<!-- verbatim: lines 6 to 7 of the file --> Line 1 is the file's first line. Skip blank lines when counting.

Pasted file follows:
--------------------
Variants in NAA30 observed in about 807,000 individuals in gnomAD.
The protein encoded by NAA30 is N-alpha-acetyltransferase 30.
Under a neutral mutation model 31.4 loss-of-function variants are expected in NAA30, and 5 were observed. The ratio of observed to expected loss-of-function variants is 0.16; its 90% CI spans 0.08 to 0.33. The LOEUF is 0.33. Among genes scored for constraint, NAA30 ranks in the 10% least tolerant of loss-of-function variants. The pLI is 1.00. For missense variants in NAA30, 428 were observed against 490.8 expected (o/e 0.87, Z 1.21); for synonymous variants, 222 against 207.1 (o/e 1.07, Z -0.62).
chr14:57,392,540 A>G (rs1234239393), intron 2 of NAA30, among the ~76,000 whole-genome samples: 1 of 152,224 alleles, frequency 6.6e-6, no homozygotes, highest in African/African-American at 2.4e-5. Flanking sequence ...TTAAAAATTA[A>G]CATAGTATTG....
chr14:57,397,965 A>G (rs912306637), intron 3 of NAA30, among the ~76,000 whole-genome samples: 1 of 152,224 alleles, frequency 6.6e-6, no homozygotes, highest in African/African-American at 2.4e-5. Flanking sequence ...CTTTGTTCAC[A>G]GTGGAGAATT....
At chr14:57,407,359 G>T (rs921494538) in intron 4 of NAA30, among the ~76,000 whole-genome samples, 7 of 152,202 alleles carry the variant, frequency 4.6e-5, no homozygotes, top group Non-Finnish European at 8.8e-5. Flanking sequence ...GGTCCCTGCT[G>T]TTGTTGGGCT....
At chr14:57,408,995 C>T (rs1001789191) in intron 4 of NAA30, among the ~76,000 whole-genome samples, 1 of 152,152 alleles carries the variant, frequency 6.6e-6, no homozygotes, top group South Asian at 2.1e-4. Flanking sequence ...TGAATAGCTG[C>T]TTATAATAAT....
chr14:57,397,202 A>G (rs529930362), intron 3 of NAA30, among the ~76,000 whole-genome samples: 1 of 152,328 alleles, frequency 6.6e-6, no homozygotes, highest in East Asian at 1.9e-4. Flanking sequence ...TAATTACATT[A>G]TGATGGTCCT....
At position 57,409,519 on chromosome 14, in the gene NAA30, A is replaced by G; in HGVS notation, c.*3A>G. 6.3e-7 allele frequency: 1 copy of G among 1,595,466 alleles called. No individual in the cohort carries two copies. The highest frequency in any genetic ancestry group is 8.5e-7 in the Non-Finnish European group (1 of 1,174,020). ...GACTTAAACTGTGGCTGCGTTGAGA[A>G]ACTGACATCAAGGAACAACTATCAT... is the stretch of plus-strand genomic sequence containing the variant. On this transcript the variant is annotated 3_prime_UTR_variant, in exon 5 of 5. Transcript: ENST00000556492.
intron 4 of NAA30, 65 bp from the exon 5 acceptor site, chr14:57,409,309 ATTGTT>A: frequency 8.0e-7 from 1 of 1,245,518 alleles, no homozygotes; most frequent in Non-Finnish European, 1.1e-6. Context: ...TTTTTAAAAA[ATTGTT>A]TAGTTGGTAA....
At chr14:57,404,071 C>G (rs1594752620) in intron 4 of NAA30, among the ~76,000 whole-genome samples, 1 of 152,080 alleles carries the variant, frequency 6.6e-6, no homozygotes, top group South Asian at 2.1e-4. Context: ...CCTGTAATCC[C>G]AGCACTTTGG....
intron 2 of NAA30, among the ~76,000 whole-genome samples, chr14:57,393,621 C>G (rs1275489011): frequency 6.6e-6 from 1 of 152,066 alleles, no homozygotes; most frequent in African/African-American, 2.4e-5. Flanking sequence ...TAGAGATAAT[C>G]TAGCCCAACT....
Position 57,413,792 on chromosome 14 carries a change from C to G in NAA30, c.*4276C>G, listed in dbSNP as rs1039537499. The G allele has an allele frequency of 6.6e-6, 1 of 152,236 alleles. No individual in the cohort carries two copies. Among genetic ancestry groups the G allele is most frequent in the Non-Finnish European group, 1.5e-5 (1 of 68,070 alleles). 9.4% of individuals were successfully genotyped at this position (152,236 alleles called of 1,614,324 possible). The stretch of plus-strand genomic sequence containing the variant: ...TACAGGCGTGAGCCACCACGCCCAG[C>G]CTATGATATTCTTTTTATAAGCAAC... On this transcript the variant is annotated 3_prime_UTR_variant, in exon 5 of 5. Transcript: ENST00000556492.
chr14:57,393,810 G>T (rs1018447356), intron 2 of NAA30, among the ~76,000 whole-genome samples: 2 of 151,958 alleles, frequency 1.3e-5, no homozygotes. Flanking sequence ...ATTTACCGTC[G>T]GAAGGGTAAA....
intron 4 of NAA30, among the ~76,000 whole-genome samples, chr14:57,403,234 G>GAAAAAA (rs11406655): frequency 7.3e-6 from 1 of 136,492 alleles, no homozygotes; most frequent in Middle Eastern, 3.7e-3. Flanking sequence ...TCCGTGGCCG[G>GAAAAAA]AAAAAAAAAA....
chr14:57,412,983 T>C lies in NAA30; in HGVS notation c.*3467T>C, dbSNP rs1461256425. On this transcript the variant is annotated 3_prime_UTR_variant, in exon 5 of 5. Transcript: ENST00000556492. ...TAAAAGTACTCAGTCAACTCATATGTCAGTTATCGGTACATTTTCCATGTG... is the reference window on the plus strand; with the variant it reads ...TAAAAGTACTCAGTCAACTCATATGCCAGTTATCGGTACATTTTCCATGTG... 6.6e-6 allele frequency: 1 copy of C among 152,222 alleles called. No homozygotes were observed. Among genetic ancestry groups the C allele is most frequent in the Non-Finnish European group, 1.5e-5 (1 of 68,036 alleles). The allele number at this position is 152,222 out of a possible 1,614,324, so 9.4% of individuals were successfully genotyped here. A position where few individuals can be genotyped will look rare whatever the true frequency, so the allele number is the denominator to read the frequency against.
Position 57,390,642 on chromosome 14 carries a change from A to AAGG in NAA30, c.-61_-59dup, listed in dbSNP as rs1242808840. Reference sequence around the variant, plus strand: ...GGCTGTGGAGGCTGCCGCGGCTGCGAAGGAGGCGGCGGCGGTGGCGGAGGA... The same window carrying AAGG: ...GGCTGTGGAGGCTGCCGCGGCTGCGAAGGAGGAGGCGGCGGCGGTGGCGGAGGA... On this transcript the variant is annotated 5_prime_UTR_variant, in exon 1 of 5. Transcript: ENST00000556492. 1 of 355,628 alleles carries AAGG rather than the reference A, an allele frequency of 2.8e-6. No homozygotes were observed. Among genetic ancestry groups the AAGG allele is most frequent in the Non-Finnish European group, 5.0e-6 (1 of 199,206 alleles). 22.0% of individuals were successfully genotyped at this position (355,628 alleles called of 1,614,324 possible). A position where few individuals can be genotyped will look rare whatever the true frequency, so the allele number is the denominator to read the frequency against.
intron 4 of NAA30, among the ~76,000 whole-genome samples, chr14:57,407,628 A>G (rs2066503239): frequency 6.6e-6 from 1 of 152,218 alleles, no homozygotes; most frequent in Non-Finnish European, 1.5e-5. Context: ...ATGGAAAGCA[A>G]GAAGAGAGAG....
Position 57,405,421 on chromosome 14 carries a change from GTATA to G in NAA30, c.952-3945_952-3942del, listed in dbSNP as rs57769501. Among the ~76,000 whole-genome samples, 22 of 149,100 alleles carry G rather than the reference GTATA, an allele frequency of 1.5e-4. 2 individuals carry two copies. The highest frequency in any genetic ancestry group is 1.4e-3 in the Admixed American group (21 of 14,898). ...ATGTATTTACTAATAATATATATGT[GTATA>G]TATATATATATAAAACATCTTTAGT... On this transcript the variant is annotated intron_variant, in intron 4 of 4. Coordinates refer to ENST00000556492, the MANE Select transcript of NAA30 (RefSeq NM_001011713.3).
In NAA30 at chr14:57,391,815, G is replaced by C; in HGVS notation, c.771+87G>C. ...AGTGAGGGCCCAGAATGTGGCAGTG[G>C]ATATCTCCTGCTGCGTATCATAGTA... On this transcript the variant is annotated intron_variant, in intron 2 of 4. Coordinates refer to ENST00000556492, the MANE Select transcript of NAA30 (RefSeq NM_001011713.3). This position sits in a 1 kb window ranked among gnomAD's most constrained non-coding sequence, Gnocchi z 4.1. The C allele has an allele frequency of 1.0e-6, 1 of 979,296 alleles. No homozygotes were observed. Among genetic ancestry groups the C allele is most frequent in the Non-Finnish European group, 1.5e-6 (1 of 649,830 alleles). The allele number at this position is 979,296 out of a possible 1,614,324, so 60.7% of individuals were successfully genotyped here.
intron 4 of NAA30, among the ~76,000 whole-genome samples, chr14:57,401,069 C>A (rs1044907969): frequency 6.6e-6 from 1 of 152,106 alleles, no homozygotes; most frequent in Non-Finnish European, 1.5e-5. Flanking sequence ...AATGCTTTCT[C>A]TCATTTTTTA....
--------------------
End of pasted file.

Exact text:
At chr14:57,407,359 G>T (rs921494538) in intron 4 of NAA30, among the ~76,000 whole-genome samples, 7 of 152,202 alleles carry the variant, frequency 4.6e-5, no homozygotes, top group Non-Finnish European at 8.8e-5. Flanking sequence ...GGTCCCTGCT[G>T]TTGTTGGGCT....
At chr14:57,408,995 C>T (rs1001789191) in intron 4 of NAA30, among the ~76,000 whole-genome samples, 1 of 152,152 alleles carries the variant, frequency 6.6e-6, no homozygotes, top group South Asian at 2.1e-4. Flanking sequence ...TGAATAGCTG[C>T]TTATAATAAT....